Life is divided into three terms – that which was, which is, and which will be. Let us learn from the past to profit by the present, and from the present, to live better in the future. — William Wordsworth

Thought and theory must precede all salutary action; yet action is nobler in itself than either thought or theory. — William Wordsworth

In modern business it is not the crook who is to be feared most, it is the honest man who doesn’t know what he is doing. — William Wordsworth

The mind that is wise mourns less for what age takes away; than what it leaves behind. — William Wordsworth

She was a phantom of delightWhen first she gleamed upon my sight. — William Wordsworth

O dearest, dearest boy! my heartFor better lore would seldom yearn,Could I but teach the hundredth partOf what from thee I learn. — William Wordsworth

Give unto me, made lowly wise,/ The spirit of self-sacrifice. — William Wordsworth

Getting and spending, we lay waste our powers. — William Wordsworth

Stern Daughter of the Voice of God!/ O Duty! if that name thou love/ Who art a light to guide, a rod/ To check the erring and reprove. — William Wordsworth

Fill your paper with the breathings of your heart. — William Wordsworth

Where the statue stood/ Of Newton with his prism and silent face,/ The marble index of a mind for ever/ Voyaging through strange seas of thought, alone. — William Wordsworth

No human ear shall ever hear me speak;No human dwelling ever give me food,Or sleep, or rest: but, over waste and wild,In search of nothing, that this earth can give,But expiation, will I wander on –A Man by pain and thought compelled to live,Yet loathing life — till anger is appeasedIn Heaven, and Mercy gives me leave to die. — William Wordsworth

When from our better selves we have too long been parted by the hurrying world, and droop. Sick of its business, of its pleasures tired, how gracious, how benign is solitude. — William Wordsworth

We bow our heads before Thee, and we laudAnd magnify thy name, Almighty God! — William Wordsworth

Hence in a season of calm weather/ Though inland far we be,/ Our souls have sight of that immortal sea/ Which brought us hither,/ Can in a moment travel thither,/ And see the children sport upon the shore,/ And hear the mighty waters rolling evermore. — William Wordsworth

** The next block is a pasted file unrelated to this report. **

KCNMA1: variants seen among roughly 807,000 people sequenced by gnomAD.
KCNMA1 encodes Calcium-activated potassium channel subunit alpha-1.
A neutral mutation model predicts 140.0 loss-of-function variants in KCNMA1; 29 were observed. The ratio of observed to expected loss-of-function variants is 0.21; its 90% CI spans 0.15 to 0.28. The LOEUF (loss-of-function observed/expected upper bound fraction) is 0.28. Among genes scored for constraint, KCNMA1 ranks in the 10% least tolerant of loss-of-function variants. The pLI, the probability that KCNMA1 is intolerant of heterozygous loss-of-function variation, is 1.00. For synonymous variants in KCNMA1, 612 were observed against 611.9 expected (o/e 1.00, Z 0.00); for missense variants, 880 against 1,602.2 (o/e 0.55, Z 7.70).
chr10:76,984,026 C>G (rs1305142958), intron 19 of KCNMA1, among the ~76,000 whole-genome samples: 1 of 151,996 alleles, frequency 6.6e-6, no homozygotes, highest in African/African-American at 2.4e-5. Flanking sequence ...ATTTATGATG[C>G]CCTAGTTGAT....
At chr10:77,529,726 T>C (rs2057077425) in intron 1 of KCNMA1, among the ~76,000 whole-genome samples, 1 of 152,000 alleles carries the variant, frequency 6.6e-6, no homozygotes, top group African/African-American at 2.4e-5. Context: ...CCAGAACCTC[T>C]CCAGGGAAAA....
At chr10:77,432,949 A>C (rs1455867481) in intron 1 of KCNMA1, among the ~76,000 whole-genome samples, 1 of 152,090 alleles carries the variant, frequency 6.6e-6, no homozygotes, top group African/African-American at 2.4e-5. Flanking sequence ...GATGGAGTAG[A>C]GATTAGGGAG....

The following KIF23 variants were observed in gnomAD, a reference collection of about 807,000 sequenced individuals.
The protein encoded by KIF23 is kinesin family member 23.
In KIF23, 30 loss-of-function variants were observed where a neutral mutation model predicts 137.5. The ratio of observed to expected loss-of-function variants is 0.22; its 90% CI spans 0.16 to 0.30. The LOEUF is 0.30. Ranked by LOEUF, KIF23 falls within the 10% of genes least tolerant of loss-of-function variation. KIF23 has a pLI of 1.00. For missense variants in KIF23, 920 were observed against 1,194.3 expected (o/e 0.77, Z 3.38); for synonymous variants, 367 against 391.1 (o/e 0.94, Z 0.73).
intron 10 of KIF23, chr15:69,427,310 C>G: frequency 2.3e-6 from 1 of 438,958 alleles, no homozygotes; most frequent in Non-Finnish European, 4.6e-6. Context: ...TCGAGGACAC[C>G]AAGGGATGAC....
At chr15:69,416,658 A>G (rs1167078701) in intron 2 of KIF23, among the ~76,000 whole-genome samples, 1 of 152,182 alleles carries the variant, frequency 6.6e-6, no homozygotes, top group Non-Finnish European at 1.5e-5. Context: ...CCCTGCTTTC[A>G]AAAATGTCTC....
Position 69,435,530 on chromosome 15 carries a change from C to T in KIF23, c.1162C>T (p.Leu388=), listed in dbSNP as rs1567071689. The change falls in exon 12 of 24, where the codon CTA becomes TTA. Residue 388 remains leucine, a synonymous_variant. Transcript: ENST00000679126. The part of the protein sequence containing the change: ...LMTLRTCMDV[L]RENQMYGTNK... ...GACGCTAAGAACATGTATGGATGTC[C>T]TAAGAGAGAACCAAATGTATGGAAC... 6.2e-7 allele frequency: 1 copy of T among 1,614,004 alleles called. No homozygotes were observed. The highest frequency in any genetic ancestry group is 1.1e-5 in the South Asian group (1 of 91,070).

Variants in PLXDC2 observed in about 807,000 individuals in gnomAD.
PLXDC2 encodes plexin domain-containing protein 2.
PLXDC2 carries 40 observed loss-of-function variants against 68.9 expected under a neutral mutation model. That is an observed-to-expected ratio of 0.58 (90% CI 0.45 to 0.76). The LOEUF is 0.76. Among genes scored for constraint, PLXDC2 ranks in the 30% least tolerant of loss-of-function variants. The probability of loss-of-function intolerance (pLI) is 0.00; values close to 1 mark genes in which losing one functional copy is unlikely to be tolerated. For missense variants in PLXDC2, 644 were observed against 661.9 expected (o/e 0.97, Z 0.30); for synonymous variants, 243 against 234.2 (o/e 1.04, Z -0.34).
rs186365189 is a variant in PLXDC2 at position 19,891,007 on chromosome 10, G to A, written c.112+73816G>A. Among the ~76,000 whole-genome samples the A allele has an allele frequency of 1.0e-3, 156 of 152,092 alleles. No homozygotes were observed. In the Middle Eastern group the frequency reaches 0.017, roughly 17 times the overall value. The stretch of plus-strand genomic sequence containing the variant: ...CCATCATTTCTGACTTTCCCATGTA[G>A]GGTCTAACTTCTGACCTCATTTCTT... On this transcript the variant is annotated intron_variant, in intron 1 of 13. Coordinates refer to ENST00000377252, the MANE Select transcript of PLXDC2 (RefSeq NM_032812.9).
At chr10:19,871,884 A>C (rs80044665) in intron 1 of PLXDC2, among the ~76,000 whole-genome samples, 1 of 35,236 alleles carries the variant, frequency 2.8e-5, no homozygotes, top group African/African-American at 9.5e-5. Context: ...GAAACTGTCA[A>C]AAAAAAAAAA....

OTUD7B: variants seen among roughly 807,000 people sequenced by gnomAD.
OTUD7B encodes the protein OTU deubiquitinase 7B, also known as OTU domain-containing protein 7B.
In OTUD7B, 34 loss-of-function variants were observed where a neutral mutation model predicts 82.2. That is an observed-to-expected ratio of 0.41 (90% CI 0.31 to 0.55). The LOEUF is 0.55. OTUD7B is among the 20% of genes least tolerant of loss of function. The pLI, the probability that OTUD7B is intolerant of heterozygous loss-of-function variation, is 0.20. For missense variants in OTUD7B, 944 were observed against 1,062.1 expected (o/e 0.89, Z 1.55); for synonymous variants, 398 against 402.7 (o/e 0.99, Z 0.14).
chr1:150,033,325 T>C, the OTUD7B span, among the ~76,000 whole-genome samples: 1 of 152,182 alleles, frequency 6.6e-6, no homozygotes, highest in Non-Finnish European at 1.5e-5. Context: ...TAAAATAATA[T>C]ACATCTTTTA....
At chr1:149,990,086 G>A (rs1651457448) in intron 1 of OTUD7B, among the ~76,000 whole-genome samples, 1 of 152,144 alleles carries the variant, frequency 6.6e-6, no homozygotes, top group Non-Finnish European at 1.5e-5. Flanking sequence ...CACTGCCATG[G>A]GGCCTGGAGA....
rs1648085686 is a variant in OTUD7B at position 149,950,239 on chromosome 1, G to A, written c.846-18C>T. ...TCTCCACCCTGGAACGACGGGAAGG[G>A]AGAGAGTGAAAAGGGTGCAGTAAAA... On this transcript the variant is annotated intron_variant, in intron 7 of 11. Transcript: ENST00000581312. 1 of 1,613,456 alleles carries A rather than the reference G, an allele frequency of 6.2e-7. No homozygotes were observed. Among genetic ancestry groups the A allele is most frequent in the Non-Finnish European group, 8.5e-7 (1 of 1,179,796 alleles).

Surprised by joy — impatient as the windI wished to share the transport. — William Wordsworth

But an old age serene and bright, and lovely as a Lapland night, shall lead thee to thy grave. — William Wordsworth

What is pride? A rocket that emulates the stars. — William Wordsworth

With Nature never do they wageA foolish strife; they seeA happy youth, and their old ageIs beautiful and free. — William Wordsworth

My days, my friend, are almost gone,My life has been approved,And many love me; but by noneAm I enough beloved. — William Wordsworth

Golf is a day spent in a round of strenuous idleness. — William Wordsworth

That though the radiance which was once so bright be now forever taken from my sight. Though nothing can bring back the hour of splendor in the grass, glory in the flower. We will grieve not, rather find strength in what remains behind. — William Wordsworth

To every natural form, rock, fruits, or flower,Even the loose stones that cover the highway,I gave a moral life. — William Wordsworth

For still, the more he works, the moreDo his weak ankles swell. — William Wordsworth

We feel that we are greater than we know. — William Wordsworth

How does the Meadow flower its bloom unfold? Because the lovely little flower is free down to its root, and in that freedom bold. — William Wordsworth

More skilful in self-knowledge, even more pure,/ As tempted more; more able to endure,/ As more exposed to suffering and distress. — William Wordsworth

One impulse from a vernal wood May teach you more of man, Of moral evil and of good, Than all the sages can. — William Wordsworth

More like a man/ Flying from something that he dreads than one/ Who sought the thing he loved. — William Wordsworth

The best portion of a good man’s life is his little, nameless, unremembered acts of kindness and of love. — William Wordsworth